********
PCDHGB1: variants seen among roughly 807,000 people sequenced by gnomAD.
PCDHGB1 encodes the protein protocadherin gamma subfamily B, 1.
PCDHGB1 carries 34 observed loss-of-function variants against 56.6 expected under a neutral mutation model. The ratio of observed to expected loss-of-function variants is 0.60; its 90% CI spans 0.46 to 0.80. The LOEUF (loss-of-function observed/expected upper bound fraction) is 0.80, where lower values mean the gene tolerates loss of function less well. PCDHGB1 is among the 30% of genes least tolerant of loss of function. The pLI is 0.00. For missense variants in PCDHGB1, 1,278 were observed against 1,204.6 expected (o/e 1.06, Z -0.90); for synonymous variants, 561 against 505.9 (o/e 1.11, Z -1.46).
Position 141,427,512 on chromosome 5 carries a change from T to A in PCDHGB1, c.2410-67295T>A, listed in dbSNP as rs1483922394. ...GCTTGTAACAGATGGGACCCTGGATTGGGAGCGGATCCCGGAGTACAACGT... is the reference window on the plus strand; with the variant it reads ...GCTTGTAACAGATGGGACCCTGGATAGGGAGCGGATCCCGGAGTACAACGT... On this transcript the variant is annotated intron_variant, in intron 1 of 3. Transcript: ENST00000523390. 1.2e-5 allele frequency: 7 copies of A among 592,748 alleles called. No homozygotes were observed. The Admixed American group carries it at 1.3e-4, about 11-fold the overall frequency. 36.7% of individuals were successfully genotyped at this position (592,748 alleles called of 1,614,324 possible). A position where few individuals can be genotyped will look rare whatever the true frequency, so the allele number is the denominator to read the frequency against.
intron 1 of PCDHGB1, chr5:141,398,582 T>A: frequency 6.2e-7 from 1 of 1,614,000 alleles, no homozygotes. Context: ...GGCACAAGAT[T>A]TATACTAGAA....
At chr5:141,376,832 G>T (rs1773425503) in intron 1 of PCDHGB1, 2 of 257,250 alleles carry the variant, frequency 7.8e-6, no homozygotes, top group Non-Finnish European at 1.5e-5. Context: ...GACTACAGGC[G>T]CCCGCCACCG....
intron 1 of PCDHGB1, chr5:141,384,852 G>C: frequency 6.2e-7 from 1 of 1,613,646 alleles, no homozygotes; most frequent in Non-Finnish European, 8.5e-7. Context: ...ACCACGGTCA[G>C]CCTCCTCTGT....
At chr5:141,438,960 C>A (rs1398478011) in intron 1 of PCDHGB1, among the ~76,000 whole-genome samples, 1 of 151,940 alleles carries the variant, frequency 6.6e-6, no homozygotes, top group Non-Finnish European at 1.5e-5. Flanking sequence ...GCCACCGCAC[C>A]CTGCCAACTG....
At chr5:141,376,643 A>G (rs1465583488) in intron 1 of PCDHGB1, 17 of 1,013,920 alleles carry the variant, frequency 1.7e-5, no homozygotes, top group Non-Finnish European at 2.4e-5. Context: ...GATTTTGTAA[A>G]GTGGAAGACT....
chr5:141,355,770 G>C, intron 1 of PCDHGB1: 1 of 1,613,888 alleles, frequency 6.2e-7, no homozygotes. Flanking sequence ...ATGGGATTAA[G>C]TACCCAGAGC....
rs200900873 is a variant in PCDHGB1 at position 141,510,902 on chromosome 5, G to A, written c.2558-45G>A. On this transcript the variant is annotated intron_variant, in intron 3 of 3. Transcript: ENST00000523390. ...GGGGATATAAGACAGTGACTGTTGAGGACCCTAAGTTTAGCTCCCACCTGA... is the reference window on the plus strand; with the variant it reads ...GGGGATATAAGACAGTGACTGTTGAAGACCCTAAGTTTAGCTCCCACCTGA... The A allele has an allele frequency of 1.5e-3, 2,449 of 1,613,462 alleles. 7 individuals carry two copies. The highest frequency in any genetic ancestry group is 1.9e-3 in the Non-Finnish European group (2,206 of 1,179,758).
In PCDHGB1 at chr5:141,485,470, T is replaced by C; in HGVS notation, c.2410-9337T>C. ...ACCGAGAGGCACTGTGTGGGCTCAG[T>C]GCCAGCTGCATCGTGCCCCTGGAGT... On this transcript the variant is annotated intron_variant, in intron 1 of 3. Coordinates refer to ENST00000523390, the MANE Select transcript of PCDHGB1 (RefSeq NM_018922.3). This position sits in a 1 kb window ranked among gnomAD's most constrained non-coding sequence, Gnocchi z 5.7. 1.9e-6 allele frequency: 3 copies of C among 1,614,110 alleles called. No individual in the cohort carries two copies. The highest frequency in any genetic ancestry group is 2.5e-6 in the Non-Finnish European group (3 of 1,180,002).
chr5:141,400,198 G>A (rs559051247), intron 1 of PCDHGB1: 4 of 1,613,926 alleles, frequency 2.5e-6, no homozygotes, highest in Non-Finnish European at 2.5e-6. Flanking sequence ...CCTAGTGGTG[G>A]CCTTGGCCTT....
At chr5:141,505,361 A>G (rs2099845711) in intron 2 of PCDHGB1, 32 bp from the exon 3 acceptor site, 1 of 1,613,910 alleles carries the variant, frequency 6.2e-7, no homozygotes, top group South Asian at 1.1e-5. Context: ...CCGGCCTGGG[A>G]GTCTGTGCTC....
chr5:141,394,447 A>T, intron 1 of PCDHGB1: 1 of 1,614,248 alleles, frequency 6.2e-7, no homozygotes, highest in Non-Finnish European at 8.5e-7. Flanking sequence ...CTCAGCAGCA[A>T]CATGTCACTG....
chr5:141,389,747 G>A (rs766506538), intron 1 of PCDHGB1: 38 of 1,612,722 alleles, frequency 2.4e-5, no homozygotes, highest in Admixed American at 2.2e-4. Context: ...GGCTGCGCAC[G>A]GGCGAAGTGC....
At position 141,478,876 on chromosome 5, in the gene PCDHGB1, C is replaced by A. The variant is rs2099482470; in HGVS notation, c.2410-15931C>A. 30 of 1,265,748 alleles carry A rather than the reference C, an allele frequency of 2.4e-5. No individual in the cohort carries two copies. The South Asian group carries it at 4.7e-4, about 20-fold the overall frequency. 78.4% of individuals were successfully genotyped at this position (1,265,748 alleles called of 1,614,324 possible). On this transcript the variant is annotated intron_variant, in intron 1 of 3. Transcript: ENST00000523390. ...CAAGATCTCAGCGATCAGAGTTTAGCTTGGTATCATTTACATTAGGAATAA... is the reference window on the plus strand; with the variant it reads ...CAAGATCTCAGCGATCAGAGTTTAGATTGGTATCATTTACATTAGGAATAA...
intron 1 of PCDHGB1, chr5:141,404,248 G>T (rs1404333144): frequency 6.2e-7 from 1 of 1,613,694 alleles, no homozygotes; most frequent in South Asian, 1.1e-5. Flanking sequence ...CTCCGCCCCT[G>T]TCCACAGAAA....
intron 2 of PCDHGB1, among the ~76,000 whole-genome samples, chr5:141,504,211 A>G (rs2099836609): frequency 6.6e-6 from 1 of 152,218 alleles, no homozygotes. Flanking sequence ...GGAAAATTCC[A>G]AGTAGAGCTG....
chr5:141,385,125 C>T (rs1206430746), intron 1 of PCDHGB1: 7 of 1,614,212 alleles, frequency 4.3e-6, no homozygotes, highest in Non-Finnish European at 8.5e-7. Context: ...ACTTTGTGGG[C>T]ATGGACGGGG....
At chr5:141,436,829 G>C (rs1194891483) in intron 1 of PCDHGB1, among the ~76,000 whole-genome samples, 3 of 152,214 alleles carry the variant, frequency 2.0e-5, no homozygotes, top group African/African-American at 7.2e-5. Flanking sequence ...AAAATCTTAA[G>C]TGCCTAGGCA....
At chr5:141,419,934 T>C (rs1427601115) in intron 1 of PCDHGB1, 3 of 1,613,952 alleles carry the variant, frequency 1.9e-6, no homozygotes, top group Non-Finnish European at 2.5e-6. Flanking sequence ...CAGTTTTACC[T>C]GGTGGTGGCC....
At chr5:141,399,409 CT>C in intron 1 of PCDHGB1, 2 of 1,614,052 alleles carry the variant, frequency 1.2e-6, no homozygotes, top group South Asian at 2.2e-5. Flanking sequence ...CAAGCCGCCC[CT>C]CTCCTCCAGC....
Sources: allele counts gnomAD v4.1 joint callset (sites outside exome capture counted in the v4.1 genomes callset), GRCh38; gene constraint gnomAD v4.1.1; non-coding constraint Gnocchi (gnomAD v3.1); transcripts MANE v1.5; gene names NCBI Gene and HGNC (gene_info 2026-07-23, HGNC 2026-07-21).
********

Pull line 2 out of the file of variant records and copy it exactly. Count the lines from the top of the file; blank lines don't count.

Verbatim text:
PCDHGB1 encodes the protein protocadherin gamma subfamily B, 1.